It was the morning scanning of the Times that first produced the effect. So relentless had its coverage of Blacks newsmakers and their concerns become over the last year that one day it dawned on me what the Times had achieved. Some of the stories made big impressions. Others seemed peripheral, at least to my interests. But by distorting its usual budget of stories – not much, mind you, this was only a surge – the newspaper’s editors had given me, a White reader, the feeling of somehow being unimportant. For some fleeting part of the day, I felt as many Black readers must feel most days, oppressed by the relentless attention the Times paid to the Other. This was showing, not telling, how it felt to be left out. It showed, too, what it meant to be included in. As an exercise in good newspaper editing, I will never forget it.
How had the decision to reorient the coverage been made? Anyone who knows anything about newspapers understands that inspiration comes from the bottom up. Orders are given, of course; stories are assigned, or turned back for more work. There are countless meetings, discussions, bull sessions, retreats. Word gets around. Better to say that a curiosity about race, gender, ethnicity, and discrimination had been authorized at the Times as long ago as the Nineties, then encouraged, becoming wide-ranging, before coming to a low boil in 2020.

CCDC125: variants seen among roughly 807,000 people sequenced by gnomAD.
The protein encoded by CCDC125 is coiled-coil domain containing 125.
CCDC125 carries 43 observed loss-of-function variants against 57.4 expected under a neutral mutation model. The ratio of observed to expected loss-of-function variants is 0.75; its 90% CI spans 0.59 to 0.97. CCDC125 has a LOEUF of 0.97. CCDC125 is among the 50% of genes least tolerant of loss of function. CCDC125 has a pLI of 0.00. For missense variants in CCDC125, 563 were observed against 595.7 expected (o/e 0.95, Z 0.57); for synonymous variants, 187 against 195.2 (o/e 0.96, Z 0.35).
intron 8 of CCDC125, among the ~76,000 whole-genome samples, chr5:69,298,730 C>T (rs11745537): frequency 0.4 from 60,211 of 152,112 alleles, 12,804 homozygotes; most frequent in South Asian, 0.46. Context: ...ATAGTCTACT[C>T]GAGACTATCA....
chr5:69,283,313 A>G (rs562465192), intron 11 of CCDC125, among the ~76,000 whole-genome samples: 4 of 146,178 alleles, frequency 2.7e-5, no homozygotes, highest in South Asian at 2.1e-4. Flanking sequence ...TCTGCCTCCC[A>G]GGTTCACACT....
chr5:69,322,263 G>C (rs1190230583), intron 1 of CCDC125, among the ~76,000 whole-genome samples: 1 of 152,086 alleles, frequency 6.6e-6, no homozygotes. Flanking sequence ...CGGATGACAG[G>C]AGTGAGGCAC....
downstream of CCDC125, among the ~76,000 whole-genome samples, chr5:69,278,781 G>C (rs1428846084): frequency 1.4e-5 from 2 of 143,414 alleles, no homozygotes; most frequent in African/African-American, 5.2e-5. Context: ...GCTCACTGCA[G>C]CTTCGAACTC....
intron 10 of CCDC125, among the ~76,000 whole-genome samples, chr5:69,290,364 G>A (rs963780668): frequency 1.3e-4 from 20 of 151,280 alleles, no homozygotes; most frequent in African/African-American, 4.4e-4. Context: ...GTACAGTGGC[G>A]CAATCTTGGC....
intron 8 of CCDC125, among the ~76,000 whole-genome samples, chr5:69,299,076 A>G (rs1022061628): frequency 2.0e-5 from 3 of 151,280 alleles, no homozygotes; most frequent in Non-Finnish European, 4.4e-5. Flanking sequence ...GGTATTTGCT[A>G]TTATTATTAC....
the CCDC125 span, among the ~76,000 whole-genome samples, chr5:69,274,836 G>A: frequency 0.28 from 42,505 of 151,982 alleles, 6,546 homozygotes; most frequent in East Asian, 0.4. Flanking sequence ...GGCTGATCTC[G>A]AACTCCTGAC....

The executive editor of the NY Times is Dean Baquet, who was born in 1956. He is a consummate newspaperman, having started working in New Orleans even before graduating from Columbia University in 1978. He moved from The Times-Picayune to the Chicago Tribune in 1984, where he won one Pulitzer Prize, and just missed another, before joining the Times in 1990. Tribune Co. hired him back in 2000 to serve as managing editor of its newly acquired Los Angeles Times; he replaced John Carroll as editor in 2006 and was quickly dismissed after opposing newsroom budget cuts. He returned to the Times later that year as its Washington bureau chief, became its managing editor in 2011, and succeeded Jill Abramson in the top newsroom job in 2014.
Baquet is also a Black man, the fourth of five sons of a successful New Orleans restaurateur. Many years will be required to hash out all that has happened on his watch, some of it under the heading of “woke.” Baquet will write a book. Culture wars will continue. The equitable distribution of attention – of “play” – will become the next editor’s problem. Baquet turns 65 later this month; he will retire next year.
Leigh Montville won the Associated Press Sports Editors Red Smith Award in 2015; he never got out of the sports writing ghetto, but he nevertheless became one of the e finest columnists of his generation, pure and simple. Dean Baquet broke race out of the newspaper ghetto and made it ROP, maintaining news values evolved by the modern profession. He will enter history books as one of the NY Times’s greatest editors. Both men knew made the most of their opportunities.